Scientists believe that prior to the advent of DNA as Earth’s primary genetic material, early forms of life used RNA to encode genetic instructions. What sort of genetic molecules did life rely on before RNA?
Partly in response to some feedback, and partly because it is about time, I thought I’d post a philosophical essay of mine looking at epistemology. Here, I hope to set out how I come by knowledge. Let me know what you think, as ever.
Evolution, often perceived as a series of random changes, might in fact be driven by a simple and repeated genetic solution to an environmental pressure that a broad range of specieshappen to share, according to new research.
Princeton University research published in the journal Science suggests that knowledge of a species’ genes—and how certain external conditions affect the proteins encoded by those genes—could be used to determine a predictable evolutionary pattern driven by outside factors. Scientists could then pinpoint how the diversity of adaptations seen in the natural world developed even in distantly related animals.
Ever heard of the “Committee on Science, Space and Technology” of the United States Congress ? This committee has jurisdiction over: “all energy research, development, and demonstration, and projects therefor, and all federally owned or operated non-military energy laboratories”.
So… you would expect the members of this committee to be well educated, right ? Or at the very least you would expect them to have at least a rudimentary understanding of science, wouldn´t you ?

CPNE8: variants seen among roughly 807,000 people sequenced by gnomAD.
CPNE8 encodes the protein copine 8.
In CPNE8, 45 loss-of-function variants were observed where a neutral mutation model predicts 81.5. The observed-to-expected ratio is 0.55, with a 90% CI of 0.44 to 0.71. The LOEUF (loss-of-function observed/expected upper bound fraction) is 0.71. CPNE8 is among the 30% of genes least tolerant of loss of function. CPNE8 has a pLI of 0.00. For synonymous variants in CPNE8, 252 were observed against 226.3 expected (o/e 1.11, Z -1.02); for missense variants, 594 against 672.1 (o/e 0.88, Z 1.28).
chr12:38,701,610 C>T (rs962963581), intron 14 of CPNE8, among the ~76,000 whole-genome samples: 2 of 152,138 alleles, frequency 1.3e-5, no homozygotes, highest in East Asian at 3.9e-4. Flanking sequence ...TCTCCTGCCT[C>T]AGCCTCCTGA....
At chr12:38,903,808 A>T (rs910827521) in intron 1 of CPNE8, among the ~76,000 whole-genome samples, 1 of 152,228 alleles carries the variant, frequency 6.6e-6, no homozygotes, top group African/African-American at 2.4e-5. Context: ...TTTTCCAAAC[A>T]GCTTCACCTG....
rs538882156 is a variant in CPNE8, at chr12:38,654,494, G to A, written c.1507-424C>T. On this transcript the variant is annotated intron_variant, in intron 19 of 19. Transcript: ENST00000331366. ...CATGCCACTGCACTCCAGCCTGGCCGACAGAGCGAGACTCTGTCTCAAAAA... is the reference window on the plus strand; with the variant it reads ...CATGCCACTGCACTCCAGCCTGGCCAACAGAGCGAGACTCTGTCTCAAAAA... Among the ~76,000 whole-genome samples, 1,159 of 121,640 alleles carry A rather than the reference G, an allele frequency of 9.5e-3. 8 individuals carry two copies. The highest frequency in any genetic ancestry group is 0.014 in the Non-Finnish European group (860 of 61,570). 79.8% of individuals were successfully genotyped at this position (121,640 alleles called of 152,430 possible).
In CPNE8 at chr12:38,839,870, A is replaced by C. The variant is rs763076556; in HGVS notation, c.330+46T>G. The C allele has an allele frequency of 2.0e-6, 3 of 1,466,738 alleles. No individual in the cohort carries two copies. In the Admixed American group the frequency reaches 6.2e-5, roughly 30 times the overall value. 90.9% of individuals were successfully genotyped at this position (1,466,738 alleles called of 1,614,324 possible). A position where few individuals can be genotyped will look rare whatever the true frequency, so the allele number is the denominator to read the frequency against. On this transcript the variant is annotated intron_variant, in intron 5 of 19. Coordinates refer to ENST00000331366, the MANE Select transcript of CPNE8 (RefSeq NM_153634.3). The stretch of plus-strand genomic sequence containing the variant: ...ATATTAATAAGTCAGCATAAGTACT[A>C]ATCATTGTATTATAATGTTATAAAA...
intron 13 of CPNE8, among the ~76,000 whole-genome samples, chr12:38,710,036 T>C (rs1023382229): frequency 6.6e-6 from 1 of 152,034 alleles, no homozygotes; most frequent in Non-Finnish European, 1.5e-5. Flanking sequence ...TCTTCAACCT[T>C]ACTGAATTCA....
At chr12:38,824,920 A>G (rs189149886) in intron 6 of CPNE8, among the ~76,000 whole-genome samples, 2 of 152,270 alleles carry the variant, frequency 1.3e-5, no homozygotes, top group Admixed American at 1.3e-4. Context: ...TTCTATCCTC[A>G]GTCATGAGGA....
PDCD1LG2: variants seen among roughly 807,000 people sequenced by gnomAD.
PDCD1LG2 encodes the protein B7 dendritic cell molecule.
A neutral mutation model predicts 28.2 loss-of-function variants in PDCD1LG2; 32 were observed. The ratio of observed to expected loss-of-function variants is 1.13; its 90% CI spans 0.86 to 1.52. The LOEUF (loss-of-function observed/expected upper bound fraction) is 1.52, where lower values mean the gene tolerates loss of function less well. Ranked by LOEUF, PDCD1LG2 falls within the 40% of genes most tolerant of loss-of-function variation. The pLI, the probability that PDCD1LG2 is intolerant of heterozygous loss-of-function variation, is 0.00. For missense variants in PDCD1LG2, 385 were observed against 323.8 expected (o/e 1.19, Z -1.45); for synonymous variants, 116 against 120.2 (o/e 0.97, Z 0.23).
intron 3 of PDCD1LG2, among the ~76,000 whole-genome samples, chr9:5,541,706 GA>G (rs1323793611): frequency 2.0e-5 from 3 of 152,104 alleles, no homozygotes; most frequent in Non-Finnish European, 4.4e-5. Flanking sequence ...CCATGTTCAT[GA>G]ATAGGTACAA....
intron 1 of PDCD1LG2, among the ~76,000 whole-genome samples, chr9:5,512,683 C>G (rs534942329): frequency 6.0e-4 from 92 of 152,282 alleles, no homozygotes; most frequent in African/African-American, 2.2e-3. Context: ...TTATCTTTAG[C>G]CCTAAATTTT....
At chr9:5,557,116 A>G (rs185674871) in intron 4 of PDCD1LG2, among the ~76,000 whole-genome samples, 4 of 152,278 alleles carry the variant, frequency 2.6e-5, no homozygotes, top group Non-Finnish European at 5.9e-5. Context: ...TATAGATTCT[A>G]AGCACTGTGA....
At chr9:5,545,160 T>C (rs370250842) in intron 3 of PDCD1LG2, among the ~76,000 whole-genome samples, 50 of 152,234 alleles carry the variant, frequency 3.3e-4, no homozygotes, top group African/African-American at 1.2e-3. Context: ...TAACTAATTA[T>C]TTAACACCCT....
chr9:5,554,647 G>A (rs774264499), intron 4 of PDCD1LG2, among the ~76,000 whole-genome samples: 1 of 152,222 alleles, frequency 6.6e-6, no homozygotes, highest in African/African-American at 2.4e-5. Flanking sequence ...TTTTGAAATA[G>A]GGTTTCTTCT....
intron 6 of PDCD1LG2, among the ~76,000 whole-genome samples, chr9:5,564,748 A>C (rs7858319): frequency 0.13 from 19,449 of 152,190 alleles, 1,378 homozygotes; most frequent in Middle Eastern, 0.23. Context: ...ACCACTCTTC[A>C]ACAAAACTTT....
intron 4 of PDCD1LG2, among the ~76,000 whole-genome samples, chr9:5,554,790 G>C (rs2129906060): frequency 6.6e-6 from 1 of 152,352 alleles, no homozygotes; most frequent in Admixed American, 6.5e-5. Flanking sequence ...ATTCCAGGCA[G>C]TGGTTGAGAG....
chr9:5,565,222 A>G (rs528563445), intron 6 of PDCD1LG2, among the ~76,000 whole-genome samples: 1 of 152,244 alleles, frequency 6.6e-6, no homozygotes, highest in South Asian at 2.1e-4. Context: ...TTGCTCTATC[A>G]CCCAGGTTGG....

As a determinist, the Heisenberg Uncertainty Principle is of great interest. I have always intuitively believed there to be hidden…
So Mitt Romney is in the news right now a little more than he should be. And it seems that people have very short memories with regards to his gaffes and ineptitude. And then he makes people laugh about climate change (that hilarious gag).
Here is high-brow rapper Baba Brinkman’s take on Romney and his climate humour:
So I went to see theoretical physicist and cosmologist Lawrence Krauss last night in Portsmouth. This was great for two reasons. Firstly, Krauss is a great public speaker and a seemingly top bloke. Secondly, it shows that, occasionally, Portsmouth (UK) is not the cultural wasteland many think it is. Occasionally. Very occasionally.
The night started off well as a few of us Tippling Philosophers met in a pub and got talking to a playwright who had a vast and interesting array of knowledge in some areas close to our hearts – the making of Messiahs, philosophy and such like (so much so that he bought one of my books, The Nativity: A Critical Examination, there and then). After some fascinating discussions ranging from cognitive dissonance to Sabbatai Zavi and Appolonius of Tyana, we moved to the venue for the talk.
Krauss started off superbly by talking about the for of the question “why is there something rather than nothing” being problematic and question-begging. Funnily enough, we had just been talking about purpose in the pub, and this very problem. Krauss rightly pointed out that you cannot ask why questions without presupposing the notion of a purposer. ‘Why’ is seeking a purpose – ‘for what purpose did this happen?’. And an objective purpose requires there to be an ultimate being to give purpose. Intrinsic purposes are incoherent. For more on this, see my essay on the meaning of life.
ScienceDaily (Sep. 20, 2012) — A new study suggests that a poor sense of smell may be a marker for psychopathic…
Kevin McCarthy, a regular commentator here, has contributed this short review of a book which certainly looks like an interesting read with…
This raises an interesting philosophical point which was raised in a New Scientist article last year: Don’t get smart: The…
Some time ago, Robin Ince and some other comedians and skeptical minds came together to produce “9 Lessons and Carols for…